The Daily Gamecock

The first-year experience: Freshmen navigate campus, get involved during first month at USC

The Daily Gamecock spoke with 114 incoming freshmen this summer about their hopes and worries when coming to USC. Over a month into the fall semester, The Daily Gamecock caught up with seven of these freshmen to see how their first few weeks at USC went. 

Since arriving on campus, the class of 2026 has spent time exploring campus and getting lost finding their classes. 

One freshman, public health student Kendall McKnight, walked up the wrong set of stairs in Russell.

“I walked upstairs, and it was an emergency exit sign, and everybody's looking at me. And I just had to walk back down the stairs,” McKnight said. “I was like 'that is super embarrassing.'”

Others admitted to using a GPS when trying to get to their classes. 

“I still have to pull up my Google Maps and type in where I’m going, and I’m trying to hide it,” first-year retail management student Maddie Lucius said. “Sometimes I walk in the completely wrong direction. And then I’ll try to play it off and turn around and go back the other way, but I know I look like a freshman.” 

These freshmen have managed to enjoy certain areas on campus despite still trying to find their way. 

First-year biological sciences student Rishi Desai said he enjoyed being able to run on the track at Strom Thurmond Wellness and Fitness Center while first-year biology student Saida Wade said she likes walking by the fountain in front of Thomas Cooper Library because “it’s like a fresh breeze.”

Some have been drawn to places where they can congregate with others. First-year undecided student Liam Sullivan he enjoys the Horseshoe, where he had his first club meeting.

“It was just a very good atmosphere — meeting other people who have the same interest as you, and so, because I made a really good memory at the Horseshoe, now I really like the Horseshoe and walking around there,” Sullivan said. 

Another area of interest was Russell House, where McKnight said she could congregate with friends and spend time getting to know new people. However, she said she feels like Russell House could better utilize its dining spaces and wishes the wait times weren’t as long.

“First week, I waited almost two hours at Twisted Taco for two tacos, chips and queso,” McKnight said. “By the time the two hours was up, I wasn’t even hungry.”

Out of the seven freshmen The Daily Gamecock spoke to, all mentioned the wait times at Russell House that can range anywhere from 30 minutes to an hour and a half.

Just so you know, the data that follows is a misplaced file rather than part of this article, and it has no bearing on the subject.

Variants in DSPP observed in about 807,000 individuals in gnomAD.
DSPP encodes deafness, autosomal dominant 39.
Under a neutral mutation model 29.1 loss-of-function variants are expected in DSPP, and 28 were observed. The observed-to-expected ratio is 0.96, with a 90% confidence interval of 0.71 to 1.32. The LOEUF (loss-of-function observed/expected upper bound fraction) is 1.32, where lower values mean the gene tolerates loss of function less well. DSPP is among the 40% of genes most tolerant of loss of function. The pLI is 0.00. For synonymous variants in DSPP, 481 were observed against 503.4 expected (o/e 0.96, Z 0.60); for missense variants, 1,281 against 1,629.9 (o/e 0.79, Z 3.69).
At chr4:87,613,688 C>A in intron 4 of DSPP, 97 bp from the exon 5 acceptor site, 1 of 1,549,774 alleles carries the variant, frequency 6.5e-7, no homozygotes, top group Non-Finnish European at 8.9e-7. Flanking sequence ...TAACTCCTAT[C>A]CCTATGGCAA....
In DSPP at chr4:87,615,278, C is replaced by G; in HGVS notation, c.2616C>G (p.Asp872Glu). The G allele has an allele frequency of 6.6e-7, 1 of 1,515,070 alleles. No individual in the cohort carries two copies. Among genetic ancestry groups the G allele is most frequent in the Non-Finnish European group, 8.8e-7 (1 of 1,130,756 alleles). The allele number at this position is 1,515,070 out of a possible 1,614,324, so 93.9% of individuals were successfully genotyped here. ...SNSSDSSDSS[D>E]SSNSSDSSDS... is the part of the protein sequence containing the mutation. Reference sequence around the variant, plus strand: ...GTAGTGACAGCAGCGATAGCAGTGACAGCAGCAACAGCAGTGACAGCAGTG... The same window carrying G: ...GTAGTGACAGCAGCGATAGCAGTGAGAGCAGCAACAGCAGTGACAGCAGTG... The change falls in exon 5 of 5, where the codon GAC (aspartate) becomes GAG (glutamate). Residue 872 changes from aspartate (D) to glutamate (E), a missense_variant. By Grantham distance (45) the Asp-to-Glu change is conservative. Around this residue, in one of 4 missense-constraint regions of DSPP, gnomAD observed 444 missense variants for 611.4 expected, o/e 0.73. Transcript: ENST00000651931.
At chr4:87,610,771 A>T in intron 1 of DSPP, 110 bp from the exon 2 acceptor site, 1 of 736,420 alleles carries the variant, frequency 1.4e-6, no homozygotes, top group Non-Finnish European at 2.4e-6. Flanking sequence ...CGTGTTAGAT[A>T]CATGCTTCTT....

“Panda Express does take a little bit, and I don’t know how worth it it is to wait 40 minutes for orange chicken,” Sullivan said.

For a few of these freshmen, the dining halls and retail locations across campus are not their only food option. First-year mechanical engineering student Jackson Forrest lives in an apartment-style room in Green Quad where he has access to both a stove and a fridge. 

Forrest said that this type of living style has made his experience at USC feel more surreal when it came to transitioning from home to living on his own. At home, he said his mom would often cook dinner for him, leaving meals in the fridge whenever Forrest got home.

“In our dorm fridge right now, you open it, and we’ve got like empty coke bottles and ... old pizza,” Forrest said. “It’s a lot different. We have to actually always get food ourselves.” 

While this transition to adulthood may have been intimidating at first, some like Desai have found it much more manageable than they originally thought. For Desai, his main area of concern was being able to get out of his comfort zone to socialize.

“I was worried about that at first, but honestly, I feel like I’ve adjusted pretty well,” Desai said. “The amount of freedom that I have — I’m not really stressed about it anymore.”

Some have embraced this kind of freedom by getting involved with multiple organizations across campus. 

Even though she has only been here a month, McKnight has joined the Association for African American Students, the multicultural outreach student team and SAVVY — a multicultural organization focused on empowering women. Through these organizations, she's been able to pursue things she's passionate about. 

“Changing names of people on the building that don’t represent our university is something that’s big to me, especially for people who look like me and incoming students,” McKnight said.

McKnight also enjoys Hip Hop Wednesday, a once-a-month event where students, faculty and staff can gather to interact and listen to hip hop music.

“I would love to have Hip Hop Wednesday twice a month,” McKnight said. “It was really fun. I loved the atmosphere of it.”

USC's atmosphere feels upbeat for some. For others, it feels like home. For Wade, the atmosphere feels full of opportunity and belonging. 

“When you look out at Williams-Brice (Stadium), you know that view of just the horizon and everything, I feel like that’s the freshmen experience,” Wade said. “You’ve never been there, it’s new. It’s more of a community that you’re becoming a part of, and you’re wanting to represent USC as the fellow upperclassmen have.”


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